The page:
Contained within the RRM3 module is a source tank, filled with liquid methane, and an empty receiver tank, along with various transfer lines. During RRM3 mission operations, the space station's Dextre robotic arm will carry out tasks to transfer liquid methane from the source tank to the receiver tank using a suite of three primary tools. The task sequence begins with the multi-function tool 2, which operates smaller specialized tools to prepare for the fluid transfer. Next, the cryogen servicing tool uses a hose to connect the tank filled with liquid methane to the empty tank. To monitor the process, the Visual Inspection Poseable Invertebrate Robot 2 (VIPIR2) utilizes a state-of-the-art robotic camera to make sure tools are properly positioned.

Storing cryogens in space can be difficult because their extremely low boiling points cause them to boil off over time. The boil off can lead to the formation of one or more large bubbles that increase the pressure in the tank. The bubbles don't rise to the top like they do on Earth, because of microgravity; if a large bubble settles at the opening to the transfer line, it could interrupt the flow of liquid.

Therefore, a critical part of RRM3 will be storing 42 liters of liquid methane for six months with zero boil off, demonstrating methods to more efficiently use cryogens. By using cryocoolers and advanced multilayer insulation to balance temperatures, fluid loss will be dramatically lowered, eliminating the need for oversized tanks and extra propellant.


Launch: The RRM3 payload was launched on 5 December 2018 aboard a Falcon 9 rocket of SpaceX [SpaceX CRS-16 (SpX-16)]. The ISS mission was contracted by NASA and is flown by SpaceX. The launch site was NASA's Kennedy Space Center, Cape Canaveral SLC-40, FL. 2) 3)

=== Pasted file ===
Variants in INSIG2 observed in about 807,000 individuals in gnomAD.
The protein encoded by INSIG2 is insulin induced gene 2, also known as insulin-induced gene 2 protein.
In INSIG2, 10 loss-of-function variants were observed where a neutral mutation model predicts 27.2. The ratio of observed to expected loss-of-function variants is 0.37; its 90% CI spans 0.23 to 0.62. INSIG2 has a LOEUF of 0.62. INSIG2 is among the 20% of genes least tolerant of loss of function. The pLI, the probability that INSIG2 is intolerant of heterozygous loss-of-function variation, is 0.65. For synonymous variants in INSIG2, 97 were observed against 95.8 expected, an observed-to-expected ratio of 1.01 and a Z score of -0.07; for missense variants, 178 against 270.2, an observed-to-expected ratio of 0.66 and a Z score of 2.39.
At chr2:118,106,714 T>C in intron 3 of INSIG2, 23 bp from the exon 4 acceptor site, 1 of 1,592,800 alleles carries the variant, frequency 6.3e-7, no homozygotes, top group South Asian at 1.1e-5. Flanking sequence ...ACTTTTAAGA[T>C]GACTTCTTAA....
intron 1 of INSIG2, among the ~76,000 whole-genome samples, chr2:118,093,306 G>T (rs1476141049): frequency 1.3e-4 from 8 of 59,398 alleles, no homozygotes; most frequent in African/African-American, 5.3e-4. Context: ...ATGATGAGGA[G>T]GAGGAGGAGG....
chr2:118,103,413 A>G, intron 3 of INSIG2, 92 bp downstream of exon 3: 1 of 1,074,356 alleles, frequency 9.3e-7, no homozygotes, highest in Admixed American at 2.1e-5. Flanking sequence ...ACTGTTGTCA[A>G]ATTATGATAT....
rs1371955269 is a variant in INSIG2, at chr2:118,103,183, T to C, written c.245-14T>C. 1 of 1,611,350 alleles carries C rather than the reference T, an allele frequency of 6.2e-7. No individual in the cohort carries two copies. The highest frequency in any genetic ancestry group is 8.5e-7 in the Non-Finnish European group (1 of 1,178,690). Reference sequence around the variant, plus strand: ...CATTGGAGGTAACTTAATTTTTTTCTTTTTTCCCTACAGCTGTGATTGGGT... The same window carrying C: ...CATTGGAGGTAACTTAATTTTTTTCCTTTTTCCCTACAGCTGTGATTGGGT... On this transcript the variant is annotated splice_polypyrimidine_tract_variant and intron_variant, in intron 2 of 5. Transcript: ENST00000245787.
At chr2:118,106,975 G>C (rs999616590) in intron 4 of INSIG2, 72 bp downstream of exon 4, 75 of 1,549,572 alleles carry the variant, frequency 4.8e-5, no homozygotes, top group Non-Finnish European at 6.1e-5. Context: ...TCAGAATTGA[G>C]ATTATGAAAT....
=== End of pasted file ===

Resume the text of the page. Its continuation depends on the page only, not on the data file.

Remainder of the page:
Orbit: Near circular orbit, altitude of ~400 km, inclination = 51.6º.



Mission status

• August 16, 2019: NASA's Robotic Refueling Mission 3 (RRM3) completed an initial set of tool operations, bringing the idea of using water ice or methane from other worlds as fuel for spacecraft one step closer to reality. The ability to store and transfer cryogens (super-cold hydrogen, oxygen and methane) will help spacecraft journey farther into our solar system and beyond. 4)

- The successful operations demonstrated the first of three tools designed by the Satellite Servicing Projects Division to robotically transfer liquid methane from one tank to another in space. Operated by space station's Dextre robot, the Multi-function Tool 2 unstowed the cryogen coupler adapter and inserted it into the cryogen coupler adapter port. This operation would make it possible to then transfer cryogenic fuel using the remaining RRM3 tools. Additional RRM3 tool operations will be carried out later this year.